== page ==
"Sacramento got a 28-game test drive of Barnes and liked what they saw," NBC Sports' James Ham wrote. "They're hoping he'll ink a long-term contract with [them] once free agency opens on June 30."

San Antonio Spurs: Perimeter Marksmen

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    Gregg Popovich is a miracle worker.

    In this perimeter-obsessed league, Pop just built the No. 6 offense around a pair of inside-the-arc scorers. Among this past season's 30 players who averaged 20-plus points, all but seven made 100-plus threes. All but two made 50 or more. The lone exceptions were DeMar DeRozan and LaMarcus Aldridge, who combined for 17 triples during their first season together in the Alamo City.

    Getting Dejounte Murray back will only exacerbate the issue. The 6'5" point guard wears several different hats, but three-point shooter isn't one of them. He has 18 perimeter makes in 119 career games.

    The Spurs need more shooting to give their offense a wider margin for error. If the defense has another disappointing showing (20th in efficiency), this squad's success could be uncomfortably dependent on its point production. San Antonio should explore every plug-and-play shooter on the market.

Toronto Raptors: Kawhi Leonard

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    No reason to beat around the bush, folks.

    While the Toronto Raptors' gamble on Kawhi Leonard has already paid off in incredible fashion, this is where they find out what that trade really meant. Did they change the trajectory of their entire organization, or did they catch lightning in a bottle as one-hit-wonder world champs?

    The fact Leonard's free agency is even in question is no minor victory, as Wojnarowski explained during the Woj & Lowe Free Agency Special (via Silver Screen & Roll's Anthony Irwin):

    "You gotta give the Raptors and Masai Ujiri, that organization, all the credit in the world, because when they traded for him, he had no intention of ever staying in Toronto, and now it is a serious consideration.

    "I think he has really given them every opportunity to sell him, and two things that have worked in Toronto: They sold him on health, they proved they could keep him healthy, and they sold him on winning. And those are priorities for Kawhi Leonard. He has shown he is all about winning."

    Hold off on the celebrations for now, Raptors fans. Wojnarowski also labeled this a "Raptors/Clippers race" while adding Leonard's camp have "kept their eye on the Lakers and what that's going to look like."

    If Leonard stays north of the border, the Raptors are probably 2019-20 Eastern Conference favorites and on a short list of full-fledged contenders. But if he goes, Toronto could pivot to a substantial overhaul given the cost and age of some of its core.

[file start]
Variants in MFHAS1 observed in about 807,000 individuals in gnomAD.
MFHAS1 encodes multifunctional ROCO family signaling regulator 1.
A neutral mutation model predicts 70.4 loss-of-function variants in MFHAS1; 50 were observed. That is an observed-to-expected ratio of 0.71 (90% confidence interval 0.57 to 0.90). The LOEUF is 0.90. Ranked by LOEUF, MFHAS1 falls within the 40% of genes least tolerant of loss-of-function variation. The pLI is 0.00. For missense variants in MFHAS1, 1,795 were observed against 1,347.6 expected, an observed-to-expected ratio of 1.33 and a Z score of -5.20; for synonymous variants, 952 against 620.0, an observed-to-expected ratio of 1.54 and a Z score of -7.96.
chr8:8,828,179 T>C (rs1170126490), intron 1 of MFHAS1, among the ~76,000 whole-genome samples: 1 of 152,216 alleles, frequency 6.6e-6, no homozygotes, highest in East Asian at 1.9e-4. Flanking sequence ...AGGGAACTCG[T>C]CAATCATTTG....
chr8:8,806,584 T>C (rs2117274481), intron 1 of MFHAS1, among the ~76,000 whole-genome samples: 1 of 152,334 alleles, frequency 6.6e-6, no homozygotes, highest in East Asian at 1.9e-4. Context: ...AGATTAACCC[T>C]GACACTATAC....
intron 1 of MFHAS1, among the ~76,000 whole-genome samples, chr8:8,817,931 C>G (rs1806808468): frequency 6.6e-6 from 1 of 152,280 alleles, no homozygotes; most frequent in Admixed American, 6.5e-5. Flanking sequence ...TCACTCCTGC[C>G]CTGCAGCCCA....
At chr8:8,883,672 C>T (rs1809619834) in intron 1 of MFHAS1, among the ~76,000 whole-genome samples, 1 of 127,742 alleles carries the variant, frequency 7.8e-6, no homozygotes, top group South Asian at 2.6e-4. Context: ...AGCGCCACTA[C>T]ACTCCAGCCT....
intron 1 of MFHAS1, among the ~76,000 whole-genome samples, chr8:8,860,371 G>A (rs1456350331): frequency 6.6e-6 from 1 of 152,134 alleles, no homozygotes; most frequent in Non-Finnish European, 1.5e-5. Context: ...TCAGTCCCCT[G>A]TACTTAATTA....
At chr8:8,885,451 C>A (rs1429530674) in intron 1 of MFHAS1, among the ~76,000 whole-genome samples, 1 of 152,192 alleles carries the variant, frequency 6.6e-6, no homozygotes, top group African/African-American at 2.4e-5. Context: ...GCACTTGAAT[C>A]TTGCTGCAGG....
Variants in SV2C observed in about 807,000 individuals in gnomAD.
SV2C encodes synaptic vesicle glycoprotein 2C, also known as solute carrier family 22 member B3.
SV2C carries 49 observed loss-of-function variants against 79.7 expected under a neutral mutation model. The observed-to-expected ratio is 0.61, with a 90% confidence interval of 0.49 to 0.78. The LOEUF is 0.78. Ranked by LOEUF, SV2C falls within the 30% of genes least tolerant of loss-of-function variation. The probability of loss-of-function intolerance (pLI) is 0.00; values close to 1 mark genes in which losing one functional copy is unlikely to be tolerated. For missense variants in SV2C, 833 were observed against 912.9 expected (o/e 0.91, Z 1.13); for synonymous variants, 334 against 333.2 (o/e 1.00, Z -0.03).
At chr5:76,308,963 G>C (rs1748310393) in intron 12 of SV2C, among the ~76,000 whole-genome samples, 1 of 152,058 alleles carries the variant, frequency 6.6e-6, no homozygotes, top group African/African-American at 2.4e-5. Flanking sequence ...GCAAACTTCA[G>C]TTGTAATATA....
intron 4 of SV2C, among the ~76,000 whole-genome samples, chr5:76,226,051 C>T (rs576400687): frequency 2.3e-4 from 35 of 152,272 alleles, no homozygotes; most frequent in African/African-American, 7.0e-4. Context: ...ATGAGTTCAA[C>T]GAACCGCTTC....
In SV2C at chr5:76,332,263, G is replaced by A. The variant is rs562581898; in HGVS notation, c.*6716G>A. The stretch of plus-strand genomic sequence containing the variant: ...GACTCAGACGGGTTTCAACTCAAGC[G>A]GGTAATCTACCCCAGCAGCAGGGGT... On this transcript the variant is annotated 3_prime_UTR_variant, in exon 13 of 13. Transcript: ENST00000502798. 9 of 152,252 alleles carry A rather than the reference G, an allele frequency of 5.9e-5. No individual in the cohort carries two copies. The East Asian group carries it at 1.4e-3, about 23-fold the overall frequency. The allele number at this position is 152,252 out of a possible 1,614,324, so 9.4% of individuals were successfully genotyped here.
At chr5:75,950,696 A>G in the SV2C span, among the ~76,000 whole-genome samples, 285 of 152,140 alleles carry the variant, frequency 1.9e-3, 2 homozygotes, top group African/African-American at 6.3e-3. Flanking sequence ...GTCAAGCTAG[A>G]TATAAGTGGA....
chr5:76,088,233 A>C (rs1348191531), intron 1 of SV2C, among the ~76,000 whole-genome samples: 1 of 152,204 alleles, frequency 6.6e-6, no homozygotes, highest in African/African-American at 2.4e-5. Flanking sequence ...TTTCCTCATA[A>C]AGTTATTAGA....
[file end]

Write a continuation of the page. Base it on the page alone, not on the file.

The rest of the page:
Utah Jazz: Stretch Big

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    Sean Gardner/Getty Images

    The blockbuster acquisition of Mike Conley was as clear an indication as any the Utah Jazz are trying to come for the NBA crown.

    Their defense is ferocious, anchored by back-to-back Defensive Player of the Year Rudy Gobert. Their offense follows the lead of electric scoring guard Donovan Mitchell, who already has 3,445 points—the fourth-most for a player over his rookie and sophomore seasons in the 2000s.

    Conley should seamlessly slot in as a major contributor on both ends. He has an All-Defensive selection and probably a handful of snubs in his past. He's also a three-level scorer who can find his own shots, set the table for others and add value off the ball as a catch-and-shoot sniper.

    The Jazz are unquestionably in the 2020 championship hunt, but they'd be even more dangerous with a stretch 4 to slot alongside Gobert.

    They saw huge offensive gains when Jae Crowder filled that role, despite the fact he's not much of a shooter (career 33.9 percent on threes). When he played with Gobert and Mitchell, Utah's offensive efficiency was a robust 111.8. When Favors got the call with Gobert and Mitchell, that number plummeted to 105.0.

Washington Wizards: Interior Defense

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    David Zalubowski/Associated Press

    From the outside, the Washington Wizards seem overdue for a rebuild. They're weighed down by John Wall's supermax and light on high-potential prospects. They also have a near-perfect trade chip in Bradley Beal, who should appeal to buyers of all types as an in-prime All-Star who contributes at both ends and is signed for two more years.

    But the external view doesn't matter. Internally, Washington shows no interest in moving Beal, as Wojnarowski reports they plan to offer him a three-year, $111 million extension. But if they want Beal's signature, they need to impress him this offseason.

    "I want to see what we do in free agency before I make the ultimate decision," Beal said, per Ben Golliver of the Washington Post.

    If Washington wants to improve its on-court product, step one is fixing the dense. They just had their worst defensive efficiency in franchise history and proved especially vulnerable on the interior. No team allowed more makes within five feet this past season, and only two gave up a higher percentage. Adding Rui Hachimura doesn't help, and getting a 33-year-old Dwight Howard back may not either.

                

    Unless noted otherwise, statistics courtesy of Basketball Reference and NBA.com. Salary information via Basketball Insiders and Spotrac.

    Zach Buckley covers the NBA for Bleacher Report. Follow him on Twitter, @ZachBuckleyNBA.